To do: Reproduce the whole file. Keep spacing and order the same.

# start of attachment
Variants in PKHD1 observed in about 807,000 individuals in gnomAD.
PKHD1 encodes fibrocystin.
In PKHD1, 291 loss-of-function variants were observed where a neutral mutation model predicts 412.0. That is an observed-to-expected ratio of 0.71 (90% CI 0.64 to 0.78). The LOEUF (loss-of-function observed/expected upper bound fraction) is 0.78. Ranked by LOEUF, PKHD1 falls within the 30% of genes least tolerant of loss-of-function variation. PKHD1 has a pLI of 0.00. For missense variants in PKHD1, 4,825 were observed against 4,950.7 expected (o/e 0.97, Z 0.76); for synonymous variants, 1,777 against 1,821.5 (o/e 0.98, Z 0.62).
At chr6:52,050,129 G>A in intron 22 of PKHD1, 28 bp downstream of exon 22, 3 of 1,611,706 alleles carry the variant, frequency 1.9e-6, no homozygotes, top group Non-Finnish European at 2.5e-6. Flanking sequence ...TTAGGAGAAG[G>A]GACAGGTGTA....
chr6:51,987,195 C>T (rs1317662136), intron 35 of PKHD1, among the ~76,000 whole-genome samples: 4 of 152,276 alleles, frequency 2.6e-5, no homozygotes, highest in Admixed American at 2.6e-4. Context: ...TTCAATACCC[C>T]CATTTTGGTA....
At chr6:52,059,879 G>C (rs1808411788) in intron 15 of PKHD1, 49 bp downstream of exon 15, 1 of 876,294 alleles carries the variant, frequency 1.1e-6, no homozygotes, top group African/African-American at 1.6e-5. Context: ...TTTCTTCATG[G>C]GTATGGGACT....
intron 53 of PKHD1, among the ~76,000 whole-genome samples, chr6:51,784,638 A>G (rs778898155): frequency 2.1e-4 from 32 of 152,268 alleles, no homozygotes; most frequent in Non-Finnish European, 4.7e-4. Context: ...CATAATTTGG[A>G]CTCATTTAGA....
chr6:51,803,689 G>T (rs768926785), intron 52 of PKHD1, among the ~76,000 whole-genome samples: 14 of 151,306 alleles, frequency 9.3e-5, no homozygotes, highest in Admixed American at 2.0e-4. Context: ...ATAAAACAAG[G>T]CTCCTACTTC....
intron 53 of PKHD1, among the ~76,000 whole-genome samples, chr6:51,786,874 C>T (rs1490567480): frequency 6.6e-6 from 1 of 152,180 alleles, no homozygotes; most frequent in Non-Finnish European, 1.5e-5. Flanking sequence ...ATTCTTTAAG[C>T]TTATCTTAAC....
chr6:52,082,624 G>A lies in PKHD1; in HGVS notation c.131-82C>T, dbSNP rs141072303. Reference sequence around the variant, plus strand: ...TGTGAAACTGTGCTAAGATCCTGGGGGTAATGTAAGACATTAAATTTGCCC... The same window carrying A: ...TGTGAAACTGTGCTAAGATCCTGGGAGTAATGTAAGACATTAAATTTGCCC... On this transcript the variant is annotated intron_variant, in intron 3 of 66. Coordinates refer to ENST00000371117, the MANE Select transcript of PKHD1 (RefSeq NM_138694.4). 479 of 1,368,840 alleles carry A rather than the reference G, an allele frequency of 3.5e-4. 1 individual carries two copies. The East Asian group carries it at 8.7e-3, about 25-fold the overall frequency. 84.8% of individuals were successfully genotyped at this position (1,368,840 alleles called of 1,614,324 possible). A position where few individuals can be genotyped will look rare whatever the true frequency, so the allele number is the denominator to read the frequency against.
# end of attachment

Variants in PKHD1 observed in about 807,000 individuals in gnomAD.
PKHD1 encodes fibrocystin.
In PKHD1, 291 loss-of-function variants were observed where a neutral mutation model predicts 412.0. That is an observed-to-expected ratio of 0.71 (90% CI 0.64 to 0.78). The LOEUF (loss-of-function observed/expected upper bound fraction) is 0.78. Ranked by LOEUF, PKHD1 falls within the 30% of genes least tolerant of loss-of-function variation. PKHD1 has a pLI of 0.00. For missense variants in PKHD1, 4,825 were observed against 4,950.7 expected (o/e 0.97, Z 0.76); for synonymous variants, 1,777 against 1,821.5 (o/e 0.98, Z 0.62).
At chr6:52,050,129 G>A in intron 22 of PKHD1, 28 bp downstream of exon 22, 3 of 1,611,706 alleles carry the variant, frequency 1.9e-6, no homozygotes, top group Non-Finnish European at 2.5e-6. Flanking sequence ...TTAGGAGAAG[G>A]GACAGGTGTA....
chr6:51,987,195 C>T (rs1317662136), intron 35 of PKHD1, among the ~76,000 whole-genome samples: 4 of 152,276 alleles, frequency 2.6e-5, no homozygotes, highest in Admixed American at 2.6e-4. Context: ...TTCAATACCC[C>T]CATTTTGGTA....
At chr6:52,059,879 G>C (rs1808411788) in intron 15 of PKHD1, 49 bp downstream of exon 15, 1 of 876,294 alleles carries the variant, frequency 1.1e-6, no homozygotes, top group African/African-American at 1.6e-5. Context: ...TTTCTTCATG[G>C]GTATGGGACT....
intron 53 of PKHD1, among the ~76,000 whole-genome samples, chr6:51,784,638 A>G (rs778898155): frequency 2.1e-4 from 32 of 152,268 alleles, no homozygotes; most frequent in Non-Finnish European, 4.7e-4. Context: ...CATAATTTGG[A>G]CTCATTTAGA....
chr6:51,803,689 G>T (rs768926785), intron 52 of PKHD1, among the ~76,000 whole-genome samples: 14 of 151,306 alleles, frequency 9.3e-5, no homozygotes, highest in Admixed American at 2.0e-4. Context: ...ATAAAACAAG[G>T]CTCCTACTTC....
intron 53 of PKHD1, among the ~76,000 whole-genome samples, chr6:51,786,874 C>T (rs1490567480): frequency 6.6e-6 from 1 of 152,180 alleles, no homozygotes; most frequent in Non-Finnish European, 1.5e-5. Flanking sequence ...ATTCTTTAAG[C>T]TTATCTTAAC....
chr6:52,082,624 G>A lies in PKHD1; in HGVS notation c.131-82C>T, dbSNP rs141072303. Reference sequence around the variant, plus strand: ...TGTGAAACTGTGCTAAGATCCTGGGGGTAATGTAAGACATTAAATTTGCCC... The same window carrying A: ...TGTGAAACTGTGCTAAGATCCTGGGAGTAATGTAAGACATTAAATTTGCCC... On this transcript the variant is annotated intron_variant, in intron 3 of 66. Coordinates refer to ENST00000371117, the MANE Select transcript of PKHD1 (RefSeq NM_138694.4). 479 of 1,368,840 alleles carry A rather than the reference G, an allele frequency of 3.5e-4. 1 individual carries two copies. The East Asian group carries it at 8.7e-3, about 25-fold the overall frequency. 84.8% of individuals were successfully genotyped at this position (1,368,840 alleles called of 1,614,324 possible). A position where few individuals can be genotyped will look rare whatever the true frequency, so the allele number is the denominator to read the frequency against.